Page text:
The name Sibal is derived from the Old English personal names Saebeald or Sigebeald, which meant "victorius" and "brave." Following the invasion of the Normans
in 1066, a similar name arrived from Europe. "An ancient baptismal name, in the Domesday [Book] of Northamptonshire a Sibaldus occurs as a tenant
in chief. As a surname it is found in Scotland
in the 12th century". CITATION[CLOSE]
Lowe, Mark Anthony, Patronymica Britannica, A Dictionary of Family Names of the United Kingdom. London: John Russel Smith, 1860. Print.
Early Origins of the Sibal family
The surname Sibal was first found in Balgonie, Fife
, where they held a family seat
from ancient times. One of the earliest on record was Walter filius
(son of) Sibaldi, who witnessed several charters in the early 13th century. A David Sibald witnessed two charters by Duncan, Earl of Carrick in around 1250. Some historians suggest that there were Sibbalds settled in Northampton
, prior to the Norman invasion
, and that they moved from there to Scotland.
Early History of the Sibal family
This web page shows only a small excerpt of our Sibal research.Another 240 words (17 lines of text) covering the years 1286, 1296, 1386, 1390, 1571, 1581, 1602, 1796, 1806, 1575, 1590, 1650, 1650, 1634, 1639, 1641, 1722, 1650, 1680 and 1680 are included under the topic Early Sibal History in all our PDF Extended History products and printed products wherever possible.
Sibal Spelling Variations
The English language only became standardized in the last few centuries; therefore, spelling variations
are common among early Anglo-Saxon
names. As the form of the English language changed, even the spelling of literate people's names evolved. Sibal has been recorded under many different variations, including Sibbald, Sibbold, Sibballs, Sibbell, Sibal, Sibbet and many more.
Early Notables of the Sibal family (pre 1700)
Notable amongst the Clan
at this time was Gilbert Sibbet, burgess of Aberdeen from 1575.
James Sibbald (1590?-1650?), was a Scottish royalist divine, of an ancient family in the Mearns. William Sibbald (died 1650), was a Scottish Royalist, but may be identical with William Sibbald who entered King's College, Aberdeen, in 1634... Another 114 words (8 lines of text) are included under the topic Early Sibal Notables in all our PDF Extended History products and printed products wherever possible.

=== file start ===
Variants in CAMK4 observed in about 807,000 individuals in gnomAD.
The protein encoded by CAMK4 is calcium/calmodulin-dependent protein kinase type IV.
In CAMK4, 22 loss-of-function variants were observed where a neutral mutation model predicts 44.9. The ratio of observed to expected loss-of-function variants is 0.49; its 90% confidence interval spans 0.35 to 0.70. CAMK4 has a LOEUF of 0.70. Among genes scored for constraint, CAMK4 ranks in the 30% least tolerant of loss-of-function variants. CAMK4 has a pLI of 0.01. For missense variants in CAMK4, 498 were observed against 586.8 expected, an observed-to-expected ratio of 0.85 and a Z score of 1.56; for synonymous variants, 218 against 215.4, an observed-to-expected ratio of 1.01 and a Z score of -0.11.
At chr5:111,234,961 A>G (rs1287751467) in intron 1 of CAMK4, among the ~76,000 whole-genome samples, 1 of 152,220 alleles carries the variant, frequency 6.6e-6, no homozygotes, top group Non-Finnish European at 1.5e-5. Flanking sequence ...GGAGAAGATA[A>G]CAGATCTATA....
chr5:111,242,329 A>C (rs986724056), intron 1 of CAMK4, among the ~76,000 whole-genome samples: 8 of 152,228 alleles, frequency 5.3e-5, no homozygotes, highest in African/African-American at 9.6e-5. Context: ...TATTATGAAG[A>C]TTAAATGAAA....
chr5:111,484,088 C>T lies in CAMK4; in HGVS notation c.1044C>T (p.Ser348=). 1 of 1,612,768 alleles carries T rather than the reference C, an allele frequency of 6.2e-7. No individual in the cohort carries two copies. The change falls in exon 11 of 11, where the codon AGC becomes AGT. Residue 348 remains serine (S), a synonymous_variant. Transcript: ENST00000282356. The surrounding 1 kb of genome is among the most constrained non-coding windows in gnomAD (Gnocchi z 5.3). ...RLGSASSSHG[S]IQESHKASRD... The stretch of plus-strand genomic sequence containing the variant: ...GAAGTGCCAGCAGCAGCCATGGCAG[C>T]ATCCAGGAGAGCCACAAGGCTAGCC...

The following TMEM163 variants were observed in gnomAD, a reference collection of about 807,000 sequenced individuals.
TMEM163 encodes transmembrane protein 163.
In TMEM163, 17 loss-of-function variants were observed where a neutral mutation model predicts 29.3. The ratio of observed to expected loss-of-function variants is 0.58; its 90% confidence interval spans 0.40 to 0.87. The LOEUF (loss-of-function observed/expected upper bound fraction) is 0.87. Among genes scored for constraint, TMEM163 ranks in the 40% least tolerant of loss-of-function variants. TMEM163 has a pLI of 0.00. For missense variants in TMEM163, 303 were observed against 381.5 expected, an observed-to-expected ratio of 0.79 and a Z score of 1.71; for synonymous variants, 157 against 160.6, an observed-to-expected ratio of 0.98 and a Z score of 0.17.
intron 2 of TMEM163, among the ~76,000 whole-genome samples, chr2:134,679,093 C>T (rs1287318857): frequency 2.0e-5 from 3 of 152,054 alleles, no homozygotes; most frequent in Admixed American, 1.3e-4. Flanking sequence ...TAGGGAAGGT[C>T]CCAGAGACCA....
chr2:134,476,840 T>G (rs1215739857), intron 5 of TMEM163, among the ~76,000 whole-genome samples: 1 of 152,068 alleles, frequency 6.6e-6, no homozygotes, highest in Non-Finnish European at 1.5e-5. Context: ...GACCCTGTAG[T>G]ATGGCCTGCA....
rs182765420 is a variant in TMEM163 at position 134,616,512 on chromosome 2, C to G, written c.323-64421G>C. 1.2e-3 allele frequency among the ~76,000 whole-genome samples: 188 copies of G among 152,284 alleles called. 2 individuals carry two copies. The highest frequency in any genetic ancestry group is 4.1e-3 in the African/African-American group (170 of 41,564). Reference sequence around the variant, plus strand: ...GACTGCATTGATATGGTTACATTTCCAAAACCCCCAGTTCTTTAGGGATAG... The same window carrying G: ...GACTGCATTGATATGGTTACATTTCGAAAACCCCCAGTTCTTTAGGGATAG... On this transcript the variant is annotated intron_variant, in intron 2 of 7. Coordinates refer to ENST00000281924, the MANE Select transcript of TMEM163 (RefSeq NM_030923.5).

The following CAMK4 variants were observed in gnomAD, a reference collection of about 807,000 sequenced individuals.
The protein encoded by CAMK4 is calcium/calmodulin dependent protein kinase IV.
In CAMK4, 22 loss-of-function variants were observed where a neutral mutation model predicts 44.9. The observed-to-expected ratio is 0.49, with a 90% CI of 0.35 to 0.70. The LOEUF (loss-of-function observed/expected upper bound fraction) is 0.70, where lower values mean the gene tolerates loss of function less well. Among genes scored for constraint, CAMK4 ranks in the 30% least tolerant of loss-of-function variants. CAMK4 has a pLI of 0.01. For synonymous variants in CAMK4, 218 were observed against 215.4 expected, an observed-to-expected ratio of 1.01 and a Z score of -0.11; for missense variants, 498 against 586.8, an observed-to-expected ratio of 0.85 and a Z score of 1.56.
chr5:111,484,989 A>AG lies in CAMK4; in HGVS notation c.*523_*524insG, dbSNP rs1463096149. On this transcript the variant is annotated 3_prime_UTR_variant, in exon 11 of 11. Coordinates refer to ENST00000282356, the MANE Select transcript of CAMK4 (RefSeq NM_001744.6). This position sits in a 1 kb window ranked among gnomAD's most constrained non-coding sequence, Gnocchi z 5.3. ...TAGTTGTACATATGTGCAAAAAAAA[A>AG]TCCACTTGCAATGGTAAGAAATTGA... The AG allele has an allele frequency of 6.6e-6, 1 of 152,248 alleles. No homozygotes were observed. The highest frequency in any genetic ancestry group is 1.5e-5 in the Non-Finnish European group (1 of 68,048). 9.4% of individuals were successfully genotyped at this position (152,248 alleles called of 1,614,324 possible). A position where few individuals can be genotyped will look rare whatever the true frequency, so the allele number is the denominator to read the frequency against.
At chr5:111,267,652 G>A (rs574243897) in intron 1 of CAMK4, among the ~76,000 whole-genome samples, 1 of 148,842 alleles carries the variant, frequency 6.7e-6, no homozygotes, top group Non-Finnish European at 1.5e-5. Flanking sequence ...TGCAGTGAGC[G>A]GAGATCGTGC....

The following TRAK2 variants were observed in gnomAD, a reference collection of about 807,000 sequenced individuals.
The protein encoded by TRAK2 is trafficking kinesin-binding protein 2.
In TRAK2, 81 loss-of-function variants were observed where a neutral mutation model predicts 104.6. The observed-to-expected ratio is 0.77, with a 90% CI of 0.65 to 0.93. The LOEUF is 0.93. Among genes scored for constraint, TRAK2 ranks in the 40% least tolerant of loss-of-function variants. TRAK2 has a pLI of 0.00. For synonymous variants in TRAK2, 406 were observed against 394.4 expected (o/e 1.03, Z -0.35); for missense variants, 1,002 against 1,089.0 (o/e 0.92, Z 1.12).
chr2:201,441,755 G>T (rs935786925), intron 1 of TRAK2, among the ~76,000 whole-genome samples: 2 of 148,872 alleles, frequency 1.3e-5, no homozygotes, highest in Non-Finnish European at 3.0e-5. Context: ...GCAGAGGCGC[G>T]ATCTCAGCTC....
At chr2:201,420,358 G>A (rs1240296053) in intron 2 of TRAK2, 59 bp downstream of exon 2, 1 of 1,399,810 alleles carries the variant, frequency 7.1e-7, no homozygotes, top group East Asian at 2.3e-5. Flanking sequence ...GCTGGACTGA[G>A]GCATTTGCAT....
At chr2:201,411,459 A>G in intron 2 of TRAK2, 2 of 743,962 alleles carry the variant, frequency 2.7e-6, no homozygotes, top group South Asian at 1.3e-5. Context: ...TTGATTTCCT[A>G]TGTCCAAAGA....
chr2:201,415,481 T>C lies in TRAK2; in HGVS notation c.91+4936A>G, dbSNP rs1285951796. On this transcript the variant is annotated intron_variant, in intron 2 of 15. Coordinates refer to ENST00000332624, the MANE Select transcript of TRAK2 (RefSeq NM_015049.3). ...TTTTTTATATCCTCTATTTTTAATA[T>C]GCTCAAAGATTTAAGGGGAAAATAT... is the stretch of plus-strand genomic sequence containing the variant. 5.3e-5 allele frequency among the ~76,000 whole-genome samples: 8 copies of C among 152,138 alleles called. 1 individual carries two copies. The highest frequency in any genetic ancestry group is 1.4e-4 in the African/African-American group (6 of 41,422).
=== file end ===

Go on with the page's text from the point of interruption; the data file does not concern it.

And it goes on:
Migration of the Sibal family to the New World and Oceana
For many English families, the political and religious disarray that shrouded England
made the far away New World an attractive prospect. On cramped disease-ridden ships, thousands migrated to those British colonies that would eventually become Canada and the United States. Those hardy settlers that survived the journey often went on to make important contributions to the emerging nations in which they landed. Analysis of immigration records indicates that some of the first North American immigrants bore the name Sibal or a variant listed above: Robert Sibballs a bonded passenger, who came to Virginia in 1736; John Sibbell, who came to Boston, Massachusetts in 1768; David Sibbald, who arrived in Jamaica in 1772.
Contemporary Notables of the name Sibal (post 1700)
- Abner Woodruff Sibal (1921-2000), American Republican politician, Member of Connecticut State Senate, 1956-60; U.S. Representative from Connecticut 4th District, 1961-65; Defeated, 1964, 1966 CITATION[CLOSE]
The Political Graveyard: Alphabetical Name Index. (Retrieved 2015, October 30) . Retrieved from http://politicalgraveyard.com/alpha/index.html
The Sibal Motto
The motto was originally a war cry or slogan. Mottoes first began to be shown with arms in the 14th and 15th centuries, but were not in general use until the 17th century. Thus the oldest coats of arms generally do not include a motto. Mottoes seldom form part of the grant of arms: Under most heraldic authorities, a motto is an optional component of the coat of arms, and can be added to or changed at will; many families have chosen not to display a motto.
Motto Translation: Justice.
Sibal Family Crest Products
- ^ Lowe, Mark Anthony, Patronymica Britannica, A Dictionary of Family Names of the United Kingdom. London: John Russel Smith, 1860. Print.
- ^ The Political Graveyard: Alphabetical Name Index. (Retrieved 2015, October 30) . Retrieved from http://politicalgraveyard.com/alpha/index.html